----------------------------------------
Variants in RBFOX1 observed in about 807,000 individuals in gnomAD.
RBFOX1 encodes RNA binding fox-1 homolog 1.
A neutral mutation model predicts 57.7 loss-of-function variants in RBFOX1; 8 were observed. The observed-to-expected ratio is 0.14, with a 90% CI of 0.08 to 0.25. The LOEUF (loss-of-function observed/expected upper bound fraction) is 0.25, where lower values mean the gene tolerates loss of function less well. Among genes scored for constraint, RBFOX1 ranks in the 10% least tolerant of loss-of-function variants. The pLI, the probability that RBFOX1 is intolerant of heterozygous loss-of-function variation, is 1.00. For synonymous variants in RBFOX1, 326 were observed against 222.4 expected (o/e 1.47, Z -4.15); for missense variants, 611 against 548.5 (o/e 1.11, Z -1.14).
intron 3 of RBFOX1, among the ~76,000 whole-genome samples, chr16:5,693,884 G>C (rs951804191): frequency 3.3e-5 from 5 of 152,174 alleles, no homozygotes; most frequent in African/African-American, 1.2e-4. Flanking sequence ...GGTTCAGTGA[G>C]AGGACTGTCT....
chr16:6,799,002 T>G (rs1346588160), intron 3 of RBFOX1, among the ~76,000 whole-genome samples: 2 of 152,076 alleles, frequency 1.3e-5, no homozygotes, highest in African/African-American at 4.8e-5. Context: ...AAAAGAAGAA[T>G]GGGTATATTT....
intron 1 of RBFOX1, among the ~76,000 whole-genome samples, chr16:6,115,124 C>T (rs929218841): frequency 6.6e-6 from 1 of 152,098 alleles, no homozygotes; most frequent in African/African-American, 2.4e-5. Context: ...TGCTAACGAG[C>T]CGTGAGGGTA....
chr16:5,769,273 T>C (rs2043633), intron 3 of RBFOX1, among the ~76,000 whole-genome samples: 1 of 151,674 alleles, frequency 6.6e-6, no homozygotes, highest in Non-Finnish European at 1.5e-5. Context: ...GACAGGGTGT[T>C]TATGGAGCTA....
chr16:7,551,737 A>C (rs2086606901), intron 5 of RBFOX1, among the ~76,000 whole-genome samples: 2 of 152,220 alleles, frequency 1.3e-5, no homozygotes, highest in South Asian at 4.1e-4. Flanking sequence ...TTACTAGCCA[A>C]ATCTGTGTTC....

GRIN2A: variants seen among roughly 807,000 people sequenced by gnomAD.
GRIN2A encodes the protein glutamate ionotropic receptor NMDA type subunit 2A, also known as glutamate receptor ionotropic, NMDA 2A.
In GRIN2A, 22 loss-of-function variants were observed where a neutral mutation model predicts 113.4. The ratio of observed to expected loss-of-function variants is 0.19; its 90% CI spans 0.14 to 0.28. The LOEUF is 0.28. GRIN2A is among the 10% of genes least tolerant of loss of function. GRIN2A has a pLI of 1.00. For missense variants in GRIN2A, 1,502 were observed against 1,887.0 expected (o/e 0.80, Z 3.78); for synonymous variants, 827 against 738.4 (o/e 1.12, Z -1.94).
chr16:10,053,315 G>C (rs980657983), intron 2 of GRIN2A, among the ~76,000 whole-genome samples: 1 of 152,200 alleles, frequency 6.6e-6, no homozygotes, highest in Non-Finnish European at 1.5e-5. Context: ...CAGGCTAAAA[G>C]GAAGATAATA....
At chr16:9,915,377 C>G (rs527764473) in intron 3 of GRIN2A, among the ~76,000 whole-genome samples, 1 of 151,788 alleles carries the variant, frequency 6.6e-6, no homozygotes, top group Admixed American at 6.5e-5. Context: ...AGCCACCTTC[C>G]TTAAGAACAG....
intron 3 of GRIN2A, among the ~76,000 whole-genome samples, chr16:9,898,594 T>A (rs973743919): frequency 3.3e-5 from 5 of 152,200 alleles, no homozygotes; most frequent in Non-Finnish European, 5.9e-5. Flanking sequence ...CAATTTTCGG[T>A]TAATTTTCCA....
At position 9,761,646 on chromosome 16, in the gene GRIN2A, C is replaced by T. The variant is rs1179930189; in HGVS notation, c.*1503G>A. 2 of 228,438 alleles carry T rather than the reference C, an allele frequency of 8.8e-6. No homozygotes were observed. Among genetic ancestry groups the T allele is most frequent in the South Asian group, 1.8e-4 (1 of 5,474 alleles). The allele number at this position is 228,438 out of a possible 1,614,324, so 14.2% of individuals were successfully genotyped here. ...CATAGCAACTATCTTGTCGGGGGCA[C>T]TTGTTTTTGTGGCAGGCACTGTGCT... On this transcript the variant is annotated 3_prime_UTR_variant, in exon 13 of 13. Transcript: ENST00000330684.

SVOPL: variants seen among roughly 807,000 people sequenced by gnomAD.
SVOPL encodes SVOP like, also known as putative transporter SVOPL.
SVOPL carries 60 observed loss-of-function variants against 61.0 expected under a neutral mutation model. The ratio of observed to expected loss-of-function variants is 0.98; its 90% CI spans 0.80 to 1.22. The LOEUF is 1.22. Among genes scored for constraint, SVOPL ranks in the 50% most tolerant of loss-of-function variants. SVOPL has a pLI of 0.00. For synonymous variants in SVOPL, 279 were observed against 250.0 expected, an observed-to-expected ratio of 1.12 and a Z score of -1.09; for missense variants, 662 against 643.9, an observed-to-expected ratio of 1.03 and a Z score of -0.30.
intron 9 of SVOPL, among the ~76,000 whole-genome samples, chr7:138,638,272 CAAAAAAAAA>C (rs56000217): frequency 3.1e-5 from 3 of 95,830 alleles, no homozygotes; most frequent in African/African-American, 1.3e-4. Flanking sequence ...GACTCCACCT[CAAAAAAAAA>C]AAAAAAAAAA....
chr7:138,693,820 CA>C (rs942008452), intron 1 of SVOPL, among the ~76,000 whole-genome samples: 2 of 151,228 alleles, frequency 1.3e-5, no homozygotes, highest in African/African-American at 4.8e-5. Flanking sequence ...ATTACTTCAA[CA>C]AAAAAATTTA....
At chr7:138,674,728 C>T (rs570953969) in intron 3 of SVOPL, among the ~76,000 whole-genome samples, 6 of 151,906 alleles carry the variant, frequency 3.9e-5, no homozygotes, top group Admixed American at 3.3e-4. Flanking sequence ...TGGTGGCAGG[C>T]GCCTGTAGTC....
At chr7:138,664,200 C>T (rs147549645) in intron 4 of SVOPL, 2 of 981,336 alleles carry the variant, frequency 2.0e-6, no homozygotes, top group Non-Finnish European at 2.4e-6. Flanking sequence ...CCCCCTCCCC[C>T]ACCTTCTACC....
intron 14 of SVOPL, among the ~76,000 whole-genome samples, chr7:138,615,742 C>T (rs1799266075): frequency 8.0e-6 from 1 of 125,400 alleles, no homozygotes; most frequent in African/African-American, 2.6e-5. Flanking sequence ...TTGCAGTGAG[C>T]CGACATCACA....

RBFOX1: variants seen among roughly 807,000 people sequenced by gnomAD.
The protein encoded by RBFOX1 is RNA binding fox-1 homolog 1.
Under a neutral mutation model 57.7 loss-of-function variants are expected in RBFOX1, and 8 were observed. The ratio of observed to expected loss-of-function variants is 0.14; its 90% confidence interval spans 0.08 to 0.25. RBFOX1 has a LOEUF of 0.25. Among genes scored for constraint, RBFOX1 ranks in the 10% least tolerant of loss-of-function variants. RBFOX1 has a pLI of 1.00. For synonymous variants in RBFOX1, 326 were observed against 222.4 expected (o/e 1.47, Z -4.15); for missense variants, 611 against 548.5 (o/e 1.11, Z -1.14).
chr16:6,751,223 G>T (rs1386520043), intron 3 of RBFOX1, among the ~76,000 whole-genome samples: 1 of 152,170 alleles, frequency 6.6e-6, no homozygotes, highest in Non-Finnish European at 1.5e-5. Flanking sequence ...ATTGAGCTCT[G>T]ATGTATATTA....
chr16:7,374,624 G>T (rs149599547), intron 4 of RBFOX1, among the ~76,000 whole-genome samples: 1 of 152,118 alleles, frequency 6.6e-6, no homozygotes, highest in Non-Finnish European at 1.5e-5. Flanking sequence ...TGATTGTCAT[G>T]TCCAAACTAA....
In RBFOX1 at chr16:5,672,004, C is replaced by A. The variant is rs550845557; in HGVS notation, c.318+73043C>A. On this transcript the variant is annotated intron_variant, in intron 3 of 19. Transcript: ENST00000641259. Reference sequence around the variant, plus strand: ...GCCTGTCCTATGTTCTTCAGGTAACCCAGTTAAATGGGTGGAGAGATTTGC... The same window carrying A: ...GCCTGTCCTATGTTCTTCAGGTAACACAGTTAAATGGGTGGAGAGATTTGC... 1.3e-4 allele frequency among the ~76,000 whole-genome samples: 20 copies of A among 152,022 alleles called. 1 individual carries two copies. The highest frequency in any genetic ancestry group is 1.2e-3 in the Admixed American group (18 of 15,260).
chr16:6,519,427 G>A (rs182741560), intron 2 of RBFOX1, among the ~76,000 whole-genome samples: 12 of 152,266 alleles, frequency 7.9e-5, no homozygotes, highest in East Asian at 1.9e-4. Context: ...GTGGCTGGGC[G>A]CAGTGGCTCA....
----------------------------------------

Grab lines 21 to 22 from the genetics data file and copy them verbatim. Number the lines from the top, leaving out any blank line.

At chr7:138,674,728 C>T (rs570953969) in intron 3 of SVOPL, among the ~76,000 whole-genome samples, 6 of 151,906 alleles carry the variant, frequency 3.9e-5, no homozygotes, top group Admixed American at 3.3e-4. Flanking sequence ...TGGTGGCAGG[C>T]GCCTGTAGTC....
At chr7:138,664,200 C>T (rs147549645) in intron 4 of SVOPL, 2 of 981,336 alleles carry the variant, frequency 2.0e-6, no homozygotes, top group Non-Finnish European at 2.4e-6. Flanking sequence ...CCCCCTCCCC[C>T]ACCTTCTACC....